Commonwealth Bank may be considering an interest rate hike ahead of next months Reserve Bank board meeting.
Banking analysts are predicting that the country's largest home lender may increase standard variable rates by as much as 10 basis points due to funding costs continuing to rise.
If CBA were to increase their rates it would be totally controversial because they have not passed on the full benefit of recent official rate cuts by the Reserve Bank.
Members Equity currently has the lowest rate amongst the banks at 5.39 per cent. CBA has the lowest offer among the major banks at 5.64 per cent. That is 0.1 per cent cheaper than the next best rate of 5.74 per cent that is being marketed by NAB.
ANZ and Westpac are each marketing variable home loans at 5.81 per cent while Bendigo brings up the rear with an offer of 5.9 per cent.
Bryan Fitzgerald a spokesman for CBA has confirmed that the bank was reviewing the pricing on their standard variable loan but he was not prepared to comment on whether the rate would be increased this week. He further stated that their rates were always under review and that their long-term cost of funding their home loans was continuing to increase.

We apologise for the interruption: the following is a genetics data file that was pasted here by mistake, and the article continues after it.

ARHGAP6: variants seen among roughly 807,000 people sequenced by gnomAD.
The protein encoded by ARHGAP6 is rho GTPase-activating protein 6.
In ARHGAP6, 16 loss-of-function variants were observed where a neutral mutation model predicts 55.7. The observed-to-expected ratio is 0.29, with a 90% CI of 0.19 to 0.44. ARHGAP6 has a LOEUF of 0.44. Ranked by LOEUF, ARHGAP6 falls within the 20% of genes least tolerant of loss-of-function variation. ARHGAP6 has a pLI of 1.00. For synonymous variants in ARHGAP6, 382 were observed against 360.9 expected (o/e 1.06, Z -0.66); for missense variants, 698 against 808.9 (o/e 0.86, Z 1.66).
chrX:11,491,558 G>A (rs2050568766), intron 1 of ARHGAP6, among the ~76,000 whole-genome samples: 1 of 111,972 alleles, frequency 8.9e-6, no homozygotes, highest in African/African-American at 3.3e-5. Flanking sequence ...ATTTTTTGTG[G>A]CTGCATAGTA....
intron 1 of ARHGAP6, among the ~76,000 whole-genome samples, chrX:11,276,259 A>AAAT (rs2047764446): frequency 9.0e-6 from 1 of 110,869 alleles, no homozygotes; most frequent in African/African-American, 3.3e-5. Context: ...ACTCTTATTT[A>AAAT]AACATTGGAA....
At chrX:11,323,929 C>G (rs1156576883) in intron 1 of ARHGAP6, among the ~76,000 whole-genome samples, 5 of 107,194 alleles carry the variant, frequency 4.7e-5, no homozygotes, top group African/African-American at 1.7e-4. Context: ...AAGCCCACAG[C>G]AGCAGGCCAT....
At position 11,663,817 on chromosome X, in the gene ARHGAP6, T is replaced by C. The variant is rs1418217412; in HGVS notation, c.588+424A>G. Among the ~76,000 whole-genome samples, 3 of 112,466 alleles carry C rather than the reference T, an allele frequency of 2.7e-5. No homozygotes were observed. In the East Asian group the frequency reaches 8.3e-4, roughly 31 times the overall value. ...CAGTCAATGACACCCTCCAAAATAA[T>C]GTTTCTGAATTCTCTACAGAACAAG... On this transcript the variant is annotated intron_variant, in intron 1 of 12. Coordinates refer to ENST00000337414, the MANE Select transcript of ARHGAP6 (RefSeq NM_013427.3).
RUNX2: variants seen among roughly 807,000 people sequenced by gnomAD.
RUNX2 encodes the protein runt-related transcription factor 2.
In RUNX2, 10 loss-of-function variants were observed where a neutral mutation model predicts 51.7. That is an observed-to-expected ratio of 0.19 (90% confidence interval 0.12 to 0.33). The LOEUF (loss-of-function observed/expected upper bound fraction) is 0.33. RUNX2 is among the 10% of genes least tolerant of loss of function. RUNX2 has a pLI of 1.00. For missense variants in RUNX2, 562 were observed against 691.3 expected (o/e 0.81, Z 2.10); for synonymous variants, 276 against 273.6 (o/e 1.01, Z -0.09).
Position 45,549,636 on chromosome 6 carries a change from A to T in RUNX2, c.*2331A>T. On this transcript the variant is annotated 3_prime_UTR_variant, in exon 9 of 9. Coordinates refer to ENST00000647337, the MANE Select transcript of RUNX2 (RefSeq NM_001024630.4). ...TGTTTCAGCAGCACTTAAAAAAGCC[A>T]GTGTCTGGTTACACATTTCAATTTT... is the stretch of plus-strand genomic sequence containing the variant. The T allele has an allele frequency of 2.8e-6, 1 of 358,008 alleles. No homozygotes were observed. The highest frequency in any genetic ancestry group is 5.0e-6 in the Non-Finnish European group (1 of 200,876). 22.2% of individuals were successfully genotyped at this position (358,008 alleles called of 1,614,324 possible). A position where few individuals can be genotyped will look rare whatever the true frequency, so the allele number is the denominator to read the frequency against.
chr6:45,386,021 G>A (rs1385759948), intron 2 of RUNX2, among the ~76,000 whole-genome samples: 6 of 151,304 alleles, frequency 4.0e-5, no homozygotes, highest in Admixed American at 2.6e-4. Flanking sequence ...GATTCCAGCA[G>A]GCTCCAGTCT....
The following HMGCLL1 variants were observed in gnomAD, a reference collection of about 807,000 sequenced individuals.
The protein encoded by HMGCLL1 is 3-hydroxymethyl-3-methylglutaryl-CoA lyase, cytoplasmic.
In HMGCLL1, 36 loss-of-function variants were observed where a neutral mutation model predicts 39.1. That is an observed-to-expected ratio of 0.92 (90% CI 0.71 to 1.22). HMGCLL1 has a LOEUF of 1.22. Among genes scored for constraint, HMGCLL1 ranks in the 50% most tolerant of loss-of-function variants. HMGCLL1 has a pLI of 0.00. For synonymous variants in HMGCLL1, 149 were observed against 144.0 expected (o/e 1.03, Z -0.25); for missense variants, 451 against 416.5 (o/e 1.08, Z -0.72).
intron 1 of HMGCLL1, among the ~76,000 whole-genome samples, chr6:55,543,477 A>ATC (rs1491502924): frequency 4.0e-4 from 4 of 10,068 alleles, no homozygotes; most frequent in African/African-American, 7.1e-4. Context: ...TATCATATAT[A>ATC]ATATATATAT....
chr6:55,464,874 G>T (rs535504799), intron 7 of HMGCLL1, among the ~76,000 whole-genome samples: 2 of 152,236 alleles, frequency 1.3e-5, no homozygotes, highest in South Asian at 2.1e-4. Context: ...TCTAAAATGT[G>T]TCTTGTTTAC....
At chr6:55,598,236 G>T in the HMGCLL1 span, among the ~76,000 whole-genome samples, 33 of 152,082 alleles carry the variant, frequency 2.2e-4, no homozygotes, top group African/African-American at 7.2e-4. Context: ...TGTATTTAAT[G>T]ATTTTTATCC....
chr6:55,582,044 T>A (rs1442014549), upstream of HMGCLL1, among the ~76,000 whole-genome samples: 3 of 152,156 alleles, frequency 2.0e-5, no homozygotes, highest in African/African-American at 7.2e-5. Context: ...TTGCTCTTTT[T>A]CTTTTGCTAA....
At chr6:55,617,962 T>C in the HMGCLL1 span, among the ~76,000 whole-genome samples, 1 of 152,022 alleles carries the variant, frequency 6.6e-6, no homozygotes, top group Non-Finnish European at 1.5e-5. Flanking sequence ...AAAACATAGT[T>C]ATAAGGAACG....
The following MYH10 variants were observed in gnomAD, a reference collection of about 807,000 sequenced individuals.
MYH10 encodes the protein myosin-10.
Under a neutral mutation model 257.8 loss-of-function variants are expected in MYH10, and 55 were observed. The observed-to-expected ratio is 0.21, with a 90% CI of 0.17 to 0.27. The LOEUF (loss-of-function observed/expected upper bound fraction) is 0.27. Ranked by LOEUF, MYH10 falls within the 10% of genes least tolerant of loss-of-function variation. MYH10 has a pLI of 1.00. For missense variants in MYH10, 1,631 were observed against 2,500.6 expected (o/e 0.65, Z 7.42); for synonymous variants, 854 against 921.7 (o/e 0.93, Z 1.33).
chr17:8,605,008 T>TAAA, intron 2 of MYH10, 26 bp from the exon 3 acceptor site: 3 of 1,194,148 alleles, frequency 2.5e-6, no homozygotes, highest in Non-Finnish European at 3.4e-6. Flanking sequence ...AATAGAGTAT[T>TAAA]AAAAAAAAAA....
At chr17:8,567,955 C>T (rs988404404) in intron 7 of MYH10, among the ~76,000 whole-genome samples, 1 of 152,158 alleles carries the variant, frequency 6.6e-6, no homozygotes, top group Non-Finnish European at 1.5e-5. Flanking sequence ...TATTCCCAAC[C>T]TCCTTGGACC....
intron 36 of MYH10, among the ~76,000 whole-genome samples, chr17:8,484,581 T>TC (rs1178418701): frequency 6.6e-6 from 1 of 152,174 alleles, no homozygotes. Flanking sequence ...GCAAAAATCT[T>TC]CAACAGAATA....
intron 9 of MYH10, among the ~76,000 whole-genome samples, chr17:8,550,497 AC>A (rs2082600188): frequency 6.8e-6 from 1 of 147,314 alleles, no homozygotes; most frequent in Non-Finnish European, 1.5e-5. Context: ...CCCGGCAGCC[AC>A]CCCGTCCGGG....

Further pressure is coming from the term deposit market which is also adding to their costs.
Ralph Norris CBA's chief executive stated in February that CBA would not necessarily follow the Reserve's official rate moves in setting its mortgage rates. CBA has held on to 0.82 per cent of the net official rate reduction by the RBA since January 2008.
Mr. Norris also pointed out that CBA's margins had been reduced since the beginning of the credit crisis below the level they regarded as acceptable that's why they indicated that they may not be able to pass on future rate cuts in full.
While the major banks have reduced short-term deposit rates this year, the pricing on two year and three year deposit products have risen from an average of 3.5 per cent in March to above 5 per cent in the past two weeks.
The improved term-deposit offers was triggered by Suncorp and Bendigo Bank which had not been able to make effective use of the Federal Government's funding guarantee because they had to pay higher fees than the majors under the scheme.
The funding pressures on the CBA groups have been magnified by the recent acquisition of the BankWest franchise which has emerged as a price leader in four and five year term deposits.